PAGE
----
The Compassionate Use Act in Texas

Many substances are illegal for Texans to have or possess, such as cocaine or heroin. However, the law surrounding cannabis and marijuana has become clouded over time. That is because many states outside of Texas have legalized the recreational use of the substances by adults.

Texas does, though, have some exceptions to cannabis use for individuals who suffer from some medical conditions. There are rules regarding how and where such individuals procure their cannabis, and those rules are codified in the state’s Compassionate Use Act. This post will generally discuss the Compassionate Use Act but not part of it should be read as legal advice.

Who is covered by the Compassionate Use Act?

The Compassionate Use Act does not allow anyone to buy and use cannabis oil for their own personal enjoyment. That right is reserved for individuals who suffer from serious medical conditions. Many of these conditions fall under the category of incurable neurodegenerative diseases, like muscular dystrophy, Parkinson’s disease, and many others.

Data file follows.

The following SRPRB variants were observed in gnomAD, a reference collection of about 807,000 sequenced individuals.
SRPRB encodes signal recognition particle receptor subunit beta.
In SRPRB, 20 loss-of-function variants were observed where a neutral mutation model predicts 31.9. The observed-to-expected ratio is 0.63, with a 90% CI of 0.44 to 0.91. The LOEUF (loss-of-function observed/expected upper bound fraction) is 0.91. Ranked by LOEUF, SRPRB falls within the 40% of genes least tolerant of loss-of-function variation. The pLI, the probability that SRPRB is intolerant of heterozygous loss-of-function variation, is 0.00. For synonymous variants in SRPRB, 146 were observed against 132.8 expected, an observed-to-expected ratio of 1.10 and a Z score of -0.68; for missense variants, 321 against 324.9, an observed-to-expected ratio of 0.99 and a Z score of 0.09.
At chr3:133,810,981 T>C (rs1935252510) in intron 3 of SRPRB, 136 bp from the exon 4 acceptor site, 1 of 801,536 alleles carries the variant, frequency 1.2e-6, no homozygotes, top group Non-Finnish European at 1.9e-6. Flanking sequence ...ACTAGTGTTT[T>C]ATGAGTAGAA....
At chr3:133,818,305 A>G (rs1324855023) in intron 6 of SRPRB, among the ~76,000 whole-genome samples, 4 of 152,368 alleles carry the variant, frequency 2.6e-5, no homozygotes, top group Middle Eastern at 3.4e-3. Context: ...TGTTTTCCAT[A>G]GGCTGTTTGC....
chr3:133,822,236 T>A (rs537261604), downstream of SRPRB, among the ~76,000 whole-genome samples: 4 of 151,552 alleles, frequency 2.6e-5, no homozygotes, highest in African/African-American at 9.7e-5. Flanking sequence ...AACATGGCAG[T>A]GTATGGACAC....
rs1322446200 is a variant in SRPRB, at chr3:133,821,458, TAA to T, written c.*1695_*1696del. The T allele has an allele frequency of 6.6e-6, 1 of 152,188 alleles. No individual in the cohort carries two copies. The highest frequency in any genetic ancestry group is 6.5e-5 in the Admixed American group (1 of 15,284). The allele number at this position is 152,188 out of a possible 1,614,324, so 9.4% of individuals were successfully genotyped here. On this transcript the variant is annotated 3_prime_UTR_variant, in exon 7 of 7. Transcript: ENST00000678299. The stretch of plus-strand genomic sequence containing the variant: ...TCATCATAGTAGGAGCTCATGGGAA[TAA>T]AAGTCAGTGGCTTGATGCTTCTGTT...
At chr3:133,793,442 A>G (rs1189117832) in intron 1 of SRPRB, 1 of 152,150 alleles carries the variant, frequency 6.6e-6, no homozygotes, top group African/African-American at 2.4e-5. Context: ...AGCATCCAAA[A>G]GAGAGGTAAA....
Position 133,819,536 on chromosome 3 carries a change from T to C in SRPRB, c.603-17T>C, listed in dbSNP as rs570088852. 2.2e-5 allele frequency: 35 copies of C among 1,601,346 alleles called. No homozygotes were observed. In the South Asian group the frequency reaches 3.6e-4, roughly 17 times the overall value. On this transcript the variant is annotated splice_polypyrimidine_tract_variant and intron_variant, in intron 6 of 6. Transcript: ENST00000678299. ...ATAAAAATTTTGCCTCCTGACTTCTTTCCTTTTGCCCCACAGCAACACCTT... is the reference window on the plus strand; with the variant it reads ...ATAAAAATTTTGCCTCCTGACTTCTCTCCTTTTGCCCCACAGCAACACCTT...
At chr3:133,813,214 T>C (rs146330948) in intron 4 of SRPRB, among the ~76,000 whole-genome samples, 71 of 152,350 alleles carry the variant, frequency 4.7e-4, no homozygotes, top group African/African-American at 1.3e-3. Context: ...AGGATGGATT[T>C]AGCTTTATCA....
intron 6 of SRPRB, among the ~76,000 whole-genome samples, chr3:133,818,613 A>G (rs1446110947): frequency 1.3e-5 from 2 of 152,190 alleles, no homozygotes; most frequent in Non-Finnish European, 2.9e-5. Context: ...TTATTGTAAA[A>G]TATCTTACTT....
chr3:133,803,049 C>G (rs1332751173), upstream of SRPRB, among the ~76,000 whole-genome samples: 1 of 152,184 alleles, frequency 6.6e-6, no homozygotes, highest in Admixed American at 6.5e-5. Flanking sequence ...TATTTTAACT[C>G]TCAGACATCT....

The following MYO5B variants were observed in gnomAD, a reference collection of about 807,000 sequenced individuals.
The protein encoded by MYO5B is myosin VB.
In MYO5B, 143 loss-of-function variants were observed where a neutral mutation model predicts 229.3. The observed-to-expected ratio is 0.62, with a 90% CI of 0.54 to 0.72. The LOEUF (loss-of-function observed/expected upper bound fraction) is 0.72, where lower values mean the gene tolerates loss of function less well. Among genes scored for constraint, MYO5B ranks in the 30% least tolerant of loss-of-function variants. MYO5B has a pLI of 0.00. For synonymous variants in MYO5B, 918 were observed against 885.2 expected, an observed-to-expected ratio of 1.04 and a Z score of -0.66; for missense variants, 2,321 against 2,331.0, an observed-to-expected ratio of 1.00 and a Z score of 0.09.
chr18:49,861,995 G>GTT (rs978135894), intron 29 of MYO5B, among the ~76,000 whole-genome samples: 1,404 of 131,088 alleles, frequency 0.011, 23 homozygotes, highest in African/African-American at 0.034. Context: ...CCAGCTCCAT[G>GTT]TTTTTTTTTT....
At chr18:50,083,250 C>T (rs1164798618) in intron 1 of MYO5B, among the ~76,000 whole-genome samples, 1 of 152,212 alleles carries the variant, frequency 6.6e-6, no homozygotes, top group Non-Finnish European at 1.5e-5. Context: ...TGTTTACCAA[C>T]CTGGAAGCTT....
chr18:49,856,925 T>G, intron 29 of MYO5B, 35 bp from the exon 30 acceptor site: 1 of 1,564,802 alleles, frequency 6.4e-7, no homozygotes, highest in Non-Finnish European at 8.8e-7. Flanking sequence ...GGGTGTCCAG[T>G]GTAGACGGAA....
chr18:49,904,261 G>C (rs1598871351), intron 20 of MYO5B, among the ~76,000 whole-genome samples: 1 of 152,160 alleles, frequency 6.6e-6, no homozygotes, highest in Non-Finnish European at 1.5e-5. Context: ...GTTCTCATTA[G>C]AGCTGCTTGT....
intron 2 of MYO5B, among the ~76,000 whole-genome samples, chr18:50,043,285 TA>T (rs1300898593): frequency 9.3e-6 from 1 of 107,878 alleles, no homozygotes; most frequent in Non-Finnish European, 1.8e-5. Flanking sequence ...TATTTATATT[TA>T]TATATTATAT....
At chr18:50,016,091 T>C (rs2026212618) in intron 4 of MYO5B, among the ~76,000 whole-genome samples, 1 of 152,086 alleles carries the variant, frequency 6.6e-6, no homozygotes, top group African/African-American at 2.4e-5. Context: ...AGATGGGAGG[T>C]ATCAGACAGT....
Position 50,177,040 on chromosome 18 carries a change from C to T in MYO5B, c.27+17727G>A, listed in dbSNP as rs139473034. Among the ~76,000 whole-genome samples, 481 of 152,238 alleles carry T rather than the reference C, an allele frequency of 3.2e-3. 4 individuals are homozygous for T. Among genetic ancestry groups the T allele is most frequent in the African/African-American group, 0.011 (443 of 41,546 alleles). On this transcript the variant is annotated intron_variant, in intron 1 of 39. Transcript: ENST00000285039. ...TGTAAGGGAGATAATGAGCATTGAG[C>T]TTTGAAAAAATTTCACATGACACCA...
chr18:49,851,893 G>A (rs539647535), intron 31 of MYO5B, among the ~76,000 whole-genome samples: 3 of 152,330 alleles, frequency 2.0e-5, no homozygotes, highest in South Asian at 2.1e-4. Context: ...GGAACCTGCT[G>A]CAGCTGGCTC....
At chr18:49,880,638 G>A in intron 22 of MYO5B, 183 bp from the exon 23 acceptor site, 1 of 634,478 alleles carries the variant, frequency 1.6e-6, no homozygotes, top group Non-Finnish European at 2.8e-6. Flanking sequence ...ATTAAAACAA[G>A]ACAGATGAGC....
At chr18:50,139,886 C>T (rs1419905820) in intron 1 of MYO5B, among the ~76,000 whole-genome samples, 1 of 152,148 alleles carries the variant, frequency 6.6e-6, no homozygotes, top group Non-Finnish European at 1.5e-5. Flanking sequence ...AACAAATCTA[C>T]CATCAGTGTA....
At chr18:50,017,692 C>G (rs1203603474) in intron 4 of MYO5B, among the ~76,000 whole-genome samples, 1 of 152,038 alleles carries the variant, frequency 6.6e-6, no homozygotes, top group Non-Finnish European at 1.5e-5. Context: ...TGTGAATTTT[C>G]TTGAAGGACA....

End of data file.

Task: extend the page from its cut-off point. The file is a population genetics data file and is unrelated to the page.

How do seriously ill individuals procure cannabis legally?

Generally, individuals who qualify under the Compassionate Use Act cannot walk into their local pharmacies to pick up their permitted cannabis. Instead, they must go to state licensed locations that are authorized to dispense the otherwise controlled and illegal substances. Individuals may not grow their own plants for use, and they may not possess cannabis in forms other than the appropriate concentrations of oil.

It is a difficult balance to understand who may possess and use cannabis in Texas and who may not. For many, possession of such items may be criminal and may lead to serious drug charges. Not part of this post is offered as legal guidance, and all individuals facing alleged drug crimes can speak with their trusted criminal defense attorneys.